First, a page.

Articles Tagged with Advanced Equities GreenTech Investments

This article continues my in depth look into how unsuspecting investors are sold speculative private placements.

While investors were told that Fisker Auto’s prospects were fantastic, nothing could have been further from the truth.  In February 2012, the DOE loan had been frozen after $192 million had been given to the company because it hadn’t hit certain milestones with its Karma car product.  The last payment Fisker had received from the DOE was in May 2011.  Yet, according to investors, Advanced Equities and First Allied continued to sell Fisker Auto shares without disclosing that the DOE was no longer backing the venture, presumptively because the auto makers chances of success had grown increasingly slim.

From December 2011 into 2012, Advanced Equities increasing began to run into fundraising problems.  As Fisker Auto fell into a increasing number of technical, delivery, and political problems with its cars the car maker’s ability to attract new capital plummeted.  Yet, the company still needed money.  So the brokerage firms turned to threatening investors by telling them that unless they agreed to invest more money into Fisker Auto their current shares will be diluted and their preferred stock will be converted to common stock.

In August, I wrote an article about how the brokerage firm Advanced Equities, Inc. (Advanced Equities) and First Allied Securities, Inc. (First Allied) sold nearly $1 billion in private placement offerings linked to clean technologies (clean-tech) to investors that have since become nearly worthless.   Some of those investors have now come forward alleging that the brokerage firms did not conduct proper due diligence for selling the private placements.  The private placements sold by the two brokerage firms include Advanced Equities GreenTech Investments, LLC, AEI 2007 Venture Investments, LLC, AEI 2010 Cleantech Venture, LLC, and AEI Fisker Investments, LLC.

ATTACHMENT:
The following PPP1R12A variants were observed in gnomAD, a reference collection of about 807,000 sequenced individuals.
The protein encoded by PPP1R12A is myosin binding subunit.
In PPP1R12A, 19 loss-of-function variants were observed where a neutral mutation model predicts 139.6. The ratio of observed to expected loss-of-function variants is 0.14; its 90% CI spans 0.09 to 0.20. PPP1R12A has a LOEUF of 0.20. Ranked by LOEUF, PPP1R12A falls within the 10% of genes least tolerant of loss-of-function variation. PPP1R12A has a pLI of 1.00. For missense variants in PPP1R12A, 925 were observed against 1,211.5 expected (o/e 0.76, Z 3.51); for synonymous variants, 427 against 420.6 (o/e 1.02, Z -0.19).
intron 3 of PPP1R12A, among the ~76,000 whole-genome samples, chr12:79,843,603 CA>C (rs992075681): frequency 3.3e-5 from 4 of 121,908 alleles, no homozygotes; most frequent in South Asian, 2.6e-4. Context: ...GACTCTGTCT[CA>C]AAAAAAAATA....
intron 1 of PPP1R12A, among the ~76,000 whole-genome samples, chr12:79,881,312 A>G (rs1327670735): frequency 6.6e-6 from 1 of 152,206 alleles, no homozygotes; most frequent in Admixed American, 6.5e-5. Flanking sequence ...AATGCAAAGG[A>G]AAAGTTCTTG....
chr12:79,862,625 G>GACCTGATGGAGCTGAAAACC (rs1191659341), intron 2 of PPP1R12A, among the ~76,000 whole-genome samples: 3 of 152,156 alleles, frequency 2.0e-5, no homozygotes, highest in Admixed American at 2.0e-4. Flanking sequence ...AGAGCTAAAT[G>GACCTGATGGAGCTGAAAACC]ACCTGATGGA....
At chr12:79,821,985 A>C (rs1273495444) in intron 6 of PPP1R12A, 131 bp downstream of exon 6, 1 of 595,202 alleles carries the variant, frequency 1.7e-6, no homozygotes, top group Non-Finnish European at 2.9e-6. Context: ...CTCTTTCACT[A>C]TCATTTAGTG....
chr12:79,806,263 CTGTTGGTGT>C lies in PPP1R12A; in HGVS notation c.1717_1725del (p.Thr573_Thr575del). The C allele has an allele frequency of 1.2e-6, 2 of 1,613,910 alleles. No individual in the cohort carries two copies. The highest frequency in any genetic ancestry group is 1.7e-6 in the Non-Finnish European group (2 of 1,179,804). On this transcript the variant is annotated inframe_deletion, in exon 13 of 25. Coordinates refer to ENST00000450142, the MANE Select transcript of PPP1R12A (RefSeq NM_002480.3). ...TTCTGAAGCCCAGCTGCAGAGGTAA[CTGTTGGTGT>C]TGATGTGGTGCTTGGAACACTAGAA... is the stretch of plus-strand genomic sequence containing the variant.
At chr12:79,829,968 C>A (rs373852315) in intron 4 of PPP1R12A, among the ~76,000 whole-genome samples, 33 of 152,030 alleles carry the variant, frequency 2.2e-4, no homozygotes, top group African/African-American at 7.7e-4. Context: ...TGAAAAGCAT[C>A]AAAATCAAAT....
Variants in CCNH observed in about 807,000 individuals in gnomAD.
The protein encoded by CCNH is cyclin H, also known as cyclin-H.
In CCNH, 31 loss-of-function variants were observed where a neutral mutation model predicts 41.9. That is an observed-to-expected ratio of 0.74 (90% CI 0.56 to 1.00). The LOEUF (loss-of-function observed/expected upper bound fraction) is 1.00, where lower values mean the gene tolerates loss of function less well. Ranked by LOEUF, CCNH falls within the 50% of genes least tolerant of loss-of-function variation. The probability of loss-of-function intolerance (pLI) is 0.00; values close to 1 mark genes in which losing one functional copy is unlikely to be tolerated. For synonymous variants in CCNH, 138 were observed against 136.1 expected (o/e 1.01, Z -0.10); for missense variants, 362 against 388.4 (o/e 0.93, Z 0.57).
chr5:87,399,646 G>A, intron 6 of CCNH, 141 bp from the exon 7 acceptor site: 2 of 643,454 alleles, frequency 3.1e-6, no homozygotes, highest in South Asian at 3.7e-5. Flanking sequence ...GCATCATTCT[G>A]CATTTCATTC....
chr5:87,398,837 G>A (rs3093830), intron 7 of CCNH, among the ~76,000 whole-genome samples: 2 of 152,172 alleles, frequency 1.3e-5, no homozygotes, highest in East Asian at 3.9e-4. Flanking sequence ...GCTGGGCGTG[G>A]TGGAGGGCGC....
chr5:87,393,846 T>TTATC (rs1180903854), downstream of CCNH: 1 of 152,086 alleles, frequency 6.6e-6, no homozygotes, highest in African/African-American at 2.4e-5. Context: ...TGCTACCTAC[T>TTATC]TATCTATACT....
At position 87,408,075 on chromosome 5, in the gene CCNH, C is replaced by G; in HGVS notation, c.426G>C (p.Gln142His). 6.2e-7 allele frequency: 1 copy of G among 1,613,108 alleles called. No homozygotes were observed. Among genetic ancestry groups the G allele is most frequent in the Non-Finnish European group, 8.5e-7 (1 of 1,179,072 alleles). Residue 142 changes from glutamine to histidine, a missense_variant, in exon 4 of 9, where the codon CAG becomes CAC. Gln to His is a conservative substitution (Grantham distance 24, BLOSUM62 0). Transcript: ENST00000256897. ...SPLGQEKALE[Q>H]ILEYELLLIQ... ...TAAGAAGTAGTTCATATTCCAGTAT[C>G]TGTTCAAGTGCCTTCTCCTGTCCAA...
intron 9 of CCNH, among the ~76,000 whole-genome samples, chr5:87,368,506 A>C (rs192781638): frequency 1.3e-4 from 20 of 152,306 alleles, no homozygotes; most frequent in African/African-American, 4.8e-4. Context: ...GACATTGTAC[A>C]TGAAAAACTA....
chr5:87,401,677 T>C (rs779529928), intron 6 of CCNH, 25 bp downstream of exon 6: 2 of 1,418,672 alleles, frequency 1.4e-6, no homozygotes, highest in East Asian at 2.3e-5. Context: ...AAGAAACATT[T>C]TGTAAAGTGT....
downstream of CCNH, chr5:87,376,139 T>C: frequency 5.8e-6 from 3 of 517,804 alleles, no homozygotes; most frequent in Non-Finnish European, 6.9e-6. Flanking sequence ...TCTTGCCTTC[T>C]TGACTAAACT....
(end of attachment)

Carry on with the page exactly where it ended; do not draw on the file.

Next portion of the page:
One of the most prominent underlying investments in Advanced Equities private placement offerings portfolio was Fisker Automotive, Inc. (Fisker Auto).  How Fisker Auto was sold to investors offers an unflattering view into how some in the brokerage industry still peddle worthless and speculative securities to unsuspecting investors to enrich themselves at investor’s expense.

Fisker Auto spent over a billion dollars, much of it from investors and a government loan, to invest and develop its cars.  Ultimately Fisker Auto delivered only 2,000 cars and is on the verge of bankruptcy.  Recently, the U.S. Department of Energy (DOE) started an auction on its loan made to Fisker Auto back in 2010.  The DOE is still owed $168 million under the loan terms but put the loan on the auction block after “exhausting any realistic possibility” that Fisker Auto could repay the loan.  The question is how did Fisker Auto receive $1 billion in the first place?

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